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  • Writer's pictureWendy Elizabeth

A Space for Children to Call Their Own

Updated: Dec 26, 2023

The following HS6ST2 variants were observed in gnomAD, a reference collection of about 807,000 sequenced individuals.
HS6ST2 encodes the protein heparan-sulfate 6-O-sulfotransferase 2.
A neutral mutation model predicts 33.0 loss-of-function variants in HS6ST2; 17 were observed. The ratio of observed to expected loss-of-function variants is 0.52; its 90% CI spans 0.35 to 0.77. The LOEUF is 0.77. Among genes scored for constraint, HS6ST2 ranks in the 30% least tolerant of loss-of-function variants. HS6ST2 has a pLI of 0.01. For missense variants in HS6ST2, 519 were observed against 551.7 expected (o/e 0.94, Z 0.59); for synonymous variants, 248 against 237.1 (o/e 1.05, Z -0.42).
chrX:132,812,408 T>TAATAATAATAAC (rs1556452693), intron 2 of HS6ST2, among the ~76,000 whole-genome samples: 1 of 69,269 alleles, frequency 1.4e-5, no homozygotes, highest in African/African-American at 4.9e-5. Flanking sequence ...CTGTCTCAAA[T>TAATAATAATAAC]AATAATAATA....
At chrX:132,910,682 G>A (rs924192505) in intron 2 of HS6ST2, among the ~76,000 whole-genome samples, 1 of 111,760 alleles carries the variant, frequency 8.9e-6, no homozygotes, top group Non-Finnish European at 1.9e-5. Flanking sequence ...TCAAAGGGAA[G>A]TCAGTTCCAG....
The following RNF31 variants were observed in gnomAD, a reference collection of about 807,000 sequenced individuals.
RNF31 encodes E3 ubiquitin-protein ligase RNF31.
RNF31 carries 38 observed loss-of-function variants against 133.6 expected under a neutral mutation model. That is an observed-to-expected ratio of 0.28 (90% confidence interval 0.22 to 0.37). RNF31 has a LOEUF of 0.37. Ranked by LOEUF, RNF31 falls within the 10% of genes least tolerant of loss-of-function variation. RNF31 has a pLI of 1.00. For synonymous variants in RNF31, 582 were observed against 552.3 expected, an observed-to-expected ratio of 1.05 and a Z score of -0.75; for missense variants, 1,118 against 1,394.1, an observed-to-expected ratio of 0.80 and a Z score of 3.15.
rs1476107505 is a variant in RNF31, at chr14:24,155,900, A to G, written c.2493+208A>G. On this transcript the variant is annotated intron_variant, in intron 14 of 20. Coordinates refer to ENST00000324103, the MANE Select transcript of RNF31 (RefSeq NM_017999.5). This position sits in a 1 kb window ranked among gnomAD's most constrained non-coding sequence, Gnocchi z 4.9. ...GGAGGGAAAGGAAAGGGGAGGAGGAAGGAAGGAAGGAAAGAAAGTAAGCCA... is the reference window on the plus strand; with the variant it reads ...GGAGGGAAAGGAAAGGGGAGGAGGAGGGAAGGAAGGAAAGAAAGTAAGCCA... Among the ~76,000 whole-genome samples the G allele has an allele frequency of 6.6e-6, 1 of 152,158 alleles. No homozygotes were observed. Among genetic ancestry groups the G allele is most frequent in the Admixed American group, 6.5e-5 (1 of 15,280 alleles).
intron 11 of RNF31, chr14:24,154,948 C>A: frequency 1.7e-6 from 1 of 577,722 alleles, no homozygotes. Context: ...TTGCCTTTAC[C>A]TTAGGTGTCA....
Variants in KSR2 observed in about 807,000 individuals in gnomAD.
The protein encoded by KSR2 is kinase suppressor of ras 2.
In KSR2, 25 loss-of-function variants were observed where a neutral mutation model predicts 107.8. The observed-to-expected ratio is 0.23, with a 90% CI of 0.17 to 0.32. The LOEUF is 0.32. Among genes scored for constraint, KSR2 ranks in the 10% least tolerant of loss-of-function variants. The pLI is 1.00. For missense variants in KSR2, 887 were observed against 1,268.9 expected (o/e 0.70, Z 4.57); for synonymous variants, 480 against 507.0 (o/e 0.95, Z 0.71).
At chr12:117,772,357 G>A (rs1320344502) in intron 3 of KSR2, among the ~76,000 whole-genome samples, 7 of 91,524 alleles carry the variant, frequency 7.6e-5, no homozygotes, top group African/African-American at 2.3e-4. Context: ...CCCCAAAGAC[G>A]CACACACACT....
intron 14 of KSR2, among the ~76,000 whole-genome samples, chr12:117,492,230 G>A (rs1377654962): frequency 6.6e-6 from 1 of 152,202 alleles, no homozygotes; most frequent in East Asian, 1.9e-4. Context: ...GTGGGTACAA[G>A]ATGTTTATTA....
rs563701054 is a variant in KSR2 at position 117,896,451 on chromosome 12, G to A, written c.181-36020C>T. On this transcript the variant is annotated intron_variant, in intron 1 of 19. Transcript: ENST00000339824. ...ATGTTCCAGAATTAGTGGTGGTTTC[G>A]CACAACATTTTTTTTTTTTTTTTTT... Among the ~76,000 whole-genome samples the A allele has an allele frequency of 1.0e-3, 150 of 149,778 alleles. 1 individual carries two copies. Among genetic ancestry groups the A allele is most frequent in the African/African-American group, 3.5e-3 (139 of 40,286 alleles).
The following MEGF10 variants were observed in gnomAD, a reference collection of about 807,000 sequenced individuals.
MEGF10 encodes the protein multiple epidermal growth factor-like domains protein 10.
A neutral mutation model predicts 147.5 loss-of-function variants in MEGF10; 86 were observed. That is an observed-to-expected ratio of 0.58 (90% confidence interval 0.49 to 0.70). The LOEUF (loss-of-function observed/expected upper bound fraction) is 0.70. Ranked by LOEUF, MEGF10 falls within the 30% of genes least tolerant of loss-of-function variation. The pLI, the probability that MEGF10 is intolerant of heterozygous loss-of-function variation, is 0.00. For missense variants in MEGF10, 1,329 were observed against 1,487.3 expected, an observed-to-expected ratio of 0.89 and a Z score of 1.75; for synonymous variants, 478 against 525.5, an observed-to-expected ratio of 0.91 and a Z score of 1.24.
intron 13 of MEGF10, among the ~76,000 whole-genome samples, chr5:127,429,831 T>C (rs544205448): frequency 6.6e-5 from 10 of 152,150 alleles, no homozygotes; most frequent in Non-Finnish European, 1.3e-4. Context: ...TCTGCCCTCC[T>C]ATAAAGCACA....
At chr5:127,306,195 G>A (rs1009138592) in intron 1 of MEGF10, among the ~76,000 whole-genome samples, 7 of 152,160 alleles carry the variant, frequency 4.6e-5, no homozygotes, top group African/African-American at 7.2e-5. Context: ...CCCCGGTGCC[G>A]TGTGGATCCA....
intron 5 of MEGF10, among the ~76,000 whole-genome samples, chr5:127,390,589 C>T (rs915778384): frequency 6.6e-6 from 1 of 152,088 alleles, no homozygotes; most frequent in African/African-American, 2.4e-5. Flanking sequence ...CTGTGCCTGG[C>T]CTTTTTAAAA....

I visited an Art room at school yesterday, and I didn’t want to leave; it was joyfully cluttered, over-flowing with activity, and it smelled of warm crayons. The Art teacher looked so comfortable in her paint-splattered smock, and she welcomed me with such a big smile, that it made me feel like a child again.  Our children’s lives are far more controlled now; school days start at 7:58am (not 7:59am, or you’ll get a tardy slip), they are allowed exactly 1 1/2 minutes to go to the bathroom, and they are driven to sports activities that mandate entire days to practice for a game that is, well, just a game…So, when I walked into this colorful room, it really made me smile. Don’t get me wrong, I know that we all do our best, and we need rules, but we also need permission to be ourselves, at our own pace. The Art room is that place in school; a perfect oasis of mess, in a ridiculously formal environment.  It’s not just about creativity, it’s about having the freedom to discover what makes you tick, and not to be controlled all of the time. Children need to figure out who they are in-between the activities. Some crave organization, with straight, printed labels, and a place for everything, while others like to grow a mountain of stuff that crawls towards you when you open the door. Many want their favorite color from top to bottom, and others just want a place to play with toys or listen to music. (Strangely enough, they all seem to know where everything is).  I am a firm believer in giving children some place to be themselves, and letting them own who they are. And, I think their bedroom is often the easiest place for us to give up control. If I am decorating a child’s (or teen) room, my biggest goal is for them to know that it is about them, and I want to create a space that they will love. Here are some ways to do the same thing with your child: – Pretend to interview them. – Take notes as they talk, really listen, and try not to judge their answers.  – Ask them what they love about their room the most. – What would they get rid of if they could?  – What is missing? And, why do they want that in their room? – Ask them to draw, or write, about their most perfect room. Afterwards, take some time to read over your notes. Decide what you are willing to do, and why/why not? Be as open-minded as you can be. Consider alternatives to what they want. Wait a few days (this shows them that you really do care) and then write your own list. – Offer solutions eg. more, or less, storage and organization, removing an old piece of furniture, storing childhood toys, creating a wall for posting notes and thoughts, painting everything a different color, getting new curtains, having a more grown-up theme etc). – Consider giving them a small budget, and taking them shopping for some new things. Let them  spend it any way they want. – Don’t promise them things you have no intention of doing. – Plan how, and when, you will both work on the solutions. Schedule a start date. – Explain what you cannot/won’t allow (and why).  I know this might seem like a lot of work, but if we give them the time, and show them that we really care, they will learn how to embrace who they are, and create a place that they will always love… Photograph of a Girl on a Swing, by the talented designer, Kate Jackson

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